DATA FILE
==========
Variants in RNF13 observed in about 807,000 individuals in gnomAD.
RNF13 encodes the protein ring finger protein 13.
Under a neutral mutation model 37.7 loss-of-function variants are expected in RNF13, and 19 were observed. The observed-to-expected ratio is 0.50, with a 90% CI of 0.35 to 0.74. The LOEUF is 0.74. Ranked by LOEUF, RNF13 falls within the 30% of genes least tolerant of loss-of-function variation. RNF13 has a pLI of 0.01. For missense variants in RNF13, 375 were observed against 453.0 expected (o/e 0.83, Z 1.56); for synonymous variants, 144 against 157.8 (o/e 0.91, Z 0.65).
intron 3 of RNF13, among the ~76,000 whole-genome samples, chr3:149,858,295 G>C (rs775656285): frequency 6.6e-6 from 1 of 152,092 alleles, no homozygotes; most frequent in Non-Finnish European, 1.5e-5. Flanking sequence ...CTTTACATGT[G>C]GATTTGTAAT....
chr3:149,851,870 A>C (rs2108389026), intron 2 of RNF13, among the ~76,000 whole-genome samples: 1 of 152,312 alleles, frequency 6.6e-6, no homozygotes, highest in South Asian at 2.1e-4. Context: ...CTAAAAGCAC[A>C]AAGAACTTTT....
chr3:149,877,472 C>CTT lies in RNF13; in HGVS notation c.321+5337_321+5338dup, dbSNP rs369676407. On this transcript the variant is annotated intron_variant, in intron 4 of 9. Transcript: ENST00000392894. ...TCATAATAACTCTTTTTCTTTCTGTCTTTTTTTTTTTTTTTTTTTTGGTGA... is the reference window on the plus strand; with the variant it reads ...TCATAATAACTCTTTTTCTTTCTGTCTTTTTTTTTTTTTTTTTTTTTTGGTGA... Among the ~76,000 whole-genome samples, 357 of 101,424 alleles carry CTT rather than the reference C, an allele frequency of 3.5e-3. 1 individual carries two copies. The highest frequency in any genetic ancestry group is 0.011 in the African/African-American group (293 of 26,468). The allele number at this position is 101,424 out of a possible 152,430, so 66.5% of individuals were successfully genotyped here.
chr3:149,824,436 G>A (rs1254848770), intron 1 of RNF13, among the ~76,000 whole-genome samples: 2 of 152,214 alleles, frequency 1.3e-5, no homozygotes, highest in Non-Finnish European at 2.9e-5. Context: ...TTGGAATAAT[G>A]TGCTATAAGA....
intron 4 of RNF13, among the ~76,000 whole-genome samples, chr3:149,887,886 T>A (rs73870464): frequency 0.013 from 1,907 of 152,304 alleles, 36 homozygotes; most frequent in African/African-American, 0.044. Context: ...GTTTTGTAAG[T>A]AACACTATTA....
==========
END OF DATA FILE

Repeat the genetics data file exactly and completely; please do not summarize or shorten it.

Variants in RNF13 observed in about 807,000 individuals in gnomAD.
RNF13 encodes the protein ring finger protein 13.
Under a neutral mutation model 37.7 loss-of-function variants are expected in RNF13, and 19 were observed. The observed-to-expected ratio is 0.50, with a 90% CI of 0.35 to 0.74. The LOEUF is 0.74. Ranked by LOEUF, RNF13 falls within the 30% of genes least tolerant of loss-of-function variation. RNF13 has a pLI of 0.01. For missense variants in RNF13, 375 were observed against 453.0 expected (o/e 0.83, Z 1.56); for synonymous variants, 144 against 157.8 (o/e 0.91, Z 0.65).
intron 3 of RNF13, among the ~76,000 whole-genome samples, chr3:149,858,295 G>C (rs775656285): frequency 6.6e-6 from 1 of 152,092 alleles, no homozygotes; most frequent in Non-Finnish European, 1.5e-5. Flanking sequence ...CTTTACATGT[G>C]GATTTGTAAT....
chr3:149,851,870 A>C (rs2108389026), intron 2 of RNF13, among the ~76,000 whole-genome samples: 1 of 152,312 alleles, frequency 6.6e-6, no homozygotes, highest in South Asian at 2.1e-4. Context: ...CTAAAAGCAC[A>C]AAGAACTTTT....
chr3:149,877,472 C>CTT lies in RNF13; in HGVS notation c.321+5337_321+5338dup, dbSNP rs369676407. On this transcript the variant is annotated intron_variant, in intron 4 of 9. Transcript: ENST00000392894. ...TCATAATAACTCTTTTTCTTTCTGTCTTTTTTTTTTTTTTTTTTTTGGTGA... is the reference window on the plus strand; with the variant it reads ...TCATAATAACTCTTTTTCTTTCTGTCTTTTTTTTTTTTTTTTTTTTTTGGTGA... Among the ~76,000 whole-genome samples, 357 of 101,424 alleles carry CTT rather than the reference C, an allele frequency of 3.5e-3. 1 individual carries two copies. The highest frequency in any genetic ancestry group is 0.011 in the African/African-American group (293 of 26,468). The allele number at this position is 101,424 out of a possible 152,430, so 66.5% of individuals were successfully genotyped here.
chr3:149,824,436 G>A (rs1254848770), intron 1 of RNF13, among the ~76,000 whole-genome samples: 2 of 152,214 alleles, frequency 1.3e-5, no homozygotes, highest in Non-Finnish European at 2.9e-5. Context: ...TTGGAATAAT[G>A]TGCTATAAGA....
intron 4 of RNF13, among the ~76,000 whole-genome samples, chr3:149,887,886 T>A (rs73870464): frequency 0.013 from 1,907 of 152,304 alleles, 36 homozygotes; most frequent in African/African-American, 0.044. Context: ...GTTTTGTAAG[T>A]AACACTATTA....